Patricia Storms

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Patricia Storms

Author, Illustrator
Toronto, ON
Publications

Never Let You Go (Scholastic Canada, 2013)

Kid Confidential: An Insider's Guide to Grown-Ups (Bloomsbury Juvenile US, 2012)

Biography

Patricia Storms was 12 years old when her first cartoon was published in a Toronto newspaper. She got paid five dollars for that cartoon, and has been inspired to write and draw ever since.

As well as being an award-winning editorial cartoonist, Patricia is also an author and illustrator of children&;s books and humour books. She has also illustrated hundreds of greeting cards as well as magazine gag cartoons. Her work has been published by Reader&;s Digest, The Chronicle of Higher Education, The London Times, The London Evening Standard, The Hamilton Spectator and The National Post. She painted 3 moose for Toronto&;s &;Moose in the City&; art show in 2000, and her cartoons have been animated in an independent film about the stock market called &;Taking Stock&;.

Patricia has also worked as a cook, a library technician, a book binder, a desktop publisher and a graphic designer, but her favourite job is creating books for children. She has illustrated 20 books since 2004, and for 3 of those books she is an author as well as an illustrator.

Patricia lives and creates in Toronto, Canada, with her husband and two fat cats in a cosy old house full to the brim with books. If she&;s not drawing, writing or having a laugh with her husband, she is probably reading or playing about in her garden.

Presentations
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Workshop

For children aged 5 and under I keep my drawing workshops simple, and relatively short – maximum 30 minutes. I do demonstrations of how to draw basic things, like a dog, a cat or a penguin, or the characters from Chirp magazine, using very simple shapes, like circles, squares and triangles. At this age, it&;s mainly about encouraging kids to experiment, explore and have fun.

For kids aged 5-7 I have a presentation for my new book, Never Let you Go, which showcases the similarities between penguin families and human families. There is humorous drawing involved, as well as a reading of the story, with over sized images of the book.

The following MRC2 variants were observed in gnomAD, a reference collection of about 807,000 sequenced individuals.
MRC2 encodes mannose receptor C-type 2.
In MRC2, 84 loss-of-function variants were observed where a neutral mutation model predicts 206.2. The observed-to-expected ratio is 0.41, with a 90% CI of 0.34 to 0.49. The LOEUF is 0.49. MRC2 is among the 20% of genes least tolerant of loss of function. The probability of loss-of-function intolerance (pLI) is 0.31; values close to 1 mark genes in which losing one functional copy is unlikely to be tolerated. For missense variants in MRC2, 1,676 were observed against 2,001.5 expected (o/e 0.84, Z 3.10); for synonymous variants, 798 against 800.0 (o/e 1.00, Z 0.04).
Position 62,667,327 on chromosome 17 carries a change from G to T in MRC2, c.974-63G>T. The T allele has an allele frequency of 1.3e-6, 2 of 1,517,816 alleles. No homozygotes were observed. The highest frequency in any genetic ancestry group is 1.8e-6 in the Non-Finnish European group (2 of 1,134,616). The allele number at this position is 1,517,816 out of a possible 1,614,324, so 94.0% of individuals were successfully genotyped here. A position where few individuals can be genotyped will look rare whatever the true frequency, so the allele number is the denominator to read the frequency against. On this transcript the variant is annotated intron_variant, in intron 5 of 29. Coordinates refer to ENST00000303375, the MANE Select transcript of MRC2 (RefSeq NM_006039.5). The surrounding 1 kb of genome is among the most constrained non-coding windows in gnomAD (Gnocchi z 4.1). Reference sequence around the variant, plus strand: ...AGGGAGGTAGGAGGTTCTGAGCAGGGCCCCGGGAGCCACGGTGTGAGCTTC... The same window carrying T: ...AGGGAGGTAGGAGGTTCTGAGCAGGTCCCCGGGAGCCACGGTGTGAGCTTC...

For kids aged 6-13, my workshops can be an hour long. One session which I find very successful is the ‘create a character’ workshop, where I engage the kids to help me create a unique character that they might find in a picture book or graphic novel. I first tell the kids a little bit about what it’s like to illustrate books, and I explain to them what an Art Director is. I then encourage them to be my Art Directors, instructing me on what kind of eyes, nose, hair, mouth, clothes, etc., to draw for their character. This session is a great ice-breaker, and I make sure to get the suggestions of all the kids, so that everyone feels like they have made a creative contribution. Once the character is created, I encourage the kids to tell me what they would name the character, since naming a character (like Harry Potter) is very important. In the 2nd half of the workshop, I become the Art Director and Editor for a drawing project. I write a short story on a flip chart, and discuss the meaning and significance of things like setting, characters and action in a story. I then ask the kids to illustrate some or all of the story I have written. As well as walking around providing encouragement and guidance, I also do more drawing up at the front for those who need some creative inspiration.

For teenagers and/or adults, I like to provide more detailed information about what it’s really like to illustrate for a publisher. In this hour long workshop I do a slide presentation, showcasing my art, as well as discussing the process involved in receiving a manuscript, and creating and developing a character for a picture book. Depending on how much time is allowed, I like to provide the class with part of a picture book story, and instruct them to create some of the characters in that story.

An alternate illustration workshop I can do for teens/adults focuses specifically in what’s involved in creating a successful cover for a book. I do a slide presentation of some of my work, showing them all of the changes and edits which take place before a cover is finally chosen for a book. If time permits, I provide samples of titles, or if they have their own ideas, I then ask them to create a title and illustrate the cover of a book, be it graphic novel, picture book, middle grade or YA cover.

Finally, I can also present a picture book writing workshop for teens/adults, which focus on what’s popular in the market, as well as basic elements which aid in creating a successful picture book story, such as starting the story strong, using conflict to generate interest in a story, and basic emotions such as fear, jealousy, anger and love which are often explored in picture book stories. I discuss pacing and rhythm in writing a picture book story, and show examples of storyboards that I have created when submitting to publishers. For the writing workshop part of this presentation, I show samples of magazine gag cartoons I have published, but without the gag, so that the students are challenged to write their own gag. I suggest to the group that writing a good magazine gag is similar to writing a good picture book story – using very few words, but using the right words. Finally, I encourage the class to write a catchy title as well as the first few lines of some picture book pitches which I share with the class.

Presentation type: Workshop

Recommended levels: Primary (1-3), Junior (4-6), Intermediate (7-8), High school (9-12)